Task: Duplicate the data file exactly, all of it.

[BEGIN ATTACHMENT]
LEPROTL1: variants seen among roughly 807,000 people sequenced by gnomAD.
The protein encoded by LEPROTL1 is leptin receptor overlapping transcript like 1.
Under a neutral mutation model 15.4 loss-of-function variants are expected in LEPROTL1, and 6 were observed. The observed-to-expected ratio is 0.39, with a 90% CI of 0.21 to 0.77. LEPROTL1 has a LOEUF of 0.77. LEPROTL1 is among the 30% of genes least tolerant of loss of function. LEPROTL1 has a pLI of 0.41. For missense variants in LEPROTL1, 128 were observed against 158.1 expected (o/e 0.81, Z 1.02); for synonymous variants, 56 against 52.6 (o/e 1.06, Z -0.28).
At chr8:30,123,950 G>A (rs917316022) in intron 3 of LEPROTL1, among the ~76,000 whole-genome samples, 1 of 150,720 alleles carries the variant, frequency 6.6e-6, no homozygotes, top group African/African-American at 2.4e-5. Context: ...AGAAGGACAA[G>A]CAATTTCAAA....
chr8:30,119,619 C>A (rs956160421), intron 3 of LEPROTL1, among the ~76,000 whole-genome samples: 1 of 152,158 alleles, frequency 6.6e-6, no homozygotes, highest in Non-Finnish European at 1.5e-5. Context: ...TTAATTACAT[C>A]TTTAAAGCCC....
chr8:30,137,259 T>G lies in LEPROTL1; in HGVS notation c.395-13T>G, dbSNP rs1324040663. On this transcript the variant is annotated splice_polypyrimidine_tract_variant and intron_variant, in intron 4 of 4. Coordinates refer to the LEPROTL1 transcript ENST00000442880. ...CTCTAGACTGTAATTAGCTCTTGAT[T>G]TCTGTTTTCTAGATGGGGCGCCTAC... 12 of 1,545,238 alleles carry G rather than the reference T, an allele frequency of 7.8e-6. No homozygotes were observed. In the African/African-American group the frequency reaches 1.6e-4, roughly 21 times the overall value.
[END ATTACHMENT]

LEPROTL1: variants seen among roughly 807,000 people sequenced by gnomAD.
The protein encoded by LEPROTL1 is leptin receptor overlapping transcript like 1.
Under a neutral mutation model 15.4 loss-of-function variants are expected in LEPROTL1, and 6 were observed. The observed-to-expected ratio is 0.39, with a 90% CI of 0.21 to 0.77. LEPROTL1 has a LOEUF of 0.77. LEPROTL1 is among the 30% of genes least tolerant of loss of function. LEPROTL1 has a pLI of 0.41. For missense variants in LEPROTL1, 128 were observed against 158.1 expected (o/e 0.81, Z 1.02); for synonymous variants, 56 against 52.6 (o/e 1.06, Z -0.28).
At chr8:30,123,950 G>A (rs917316022) in intron 3 of LEPROTL1, among the ~76,000 whole-genome samples, 1 of 150,720 alleles carries the variant, frequency 6.6e-6, no homozygotes, top group African/African-American at 2.4e-5. Context: ...AGAAGGACAA[G>A]CAATTTCAAA....
chr8:30,119,619 C>A (rs956160421), intron 3 of LEPROTL1, among the ~76,000 whole-genome samples: 1 of 152,158 alleles, frequency 6.6e-6, no homozygotes, highest in Non-Finnish European at 1.5e-5. Context: ...TTAATTACAT[C>A]TTTAAAGCCC....
chr8:30,137,259 T>G lies in LEPROTL1; in HGVS notation c.395-13T>G, dbSNP rs1324040663. On this transcript the variant is annotated splice_polypyrimidine_tract_variant and intron_variant, in intron 4 of 4. Coordinates refer to the LEPROTL1 transcript ENST00000442880. ...CTCTAGACTGTAATTAGCTCTTGAT[T>G]TCTGTTTTCTAGATGGGGCGCCTAC... 12 of 1,545,238 alleles carry G rather than the reference T, an allele frequency of 7.8e-6. No homozygotes were observed. In the African/African-American group the frequency reaches 1.6e-4, roughly 21 times the overall value.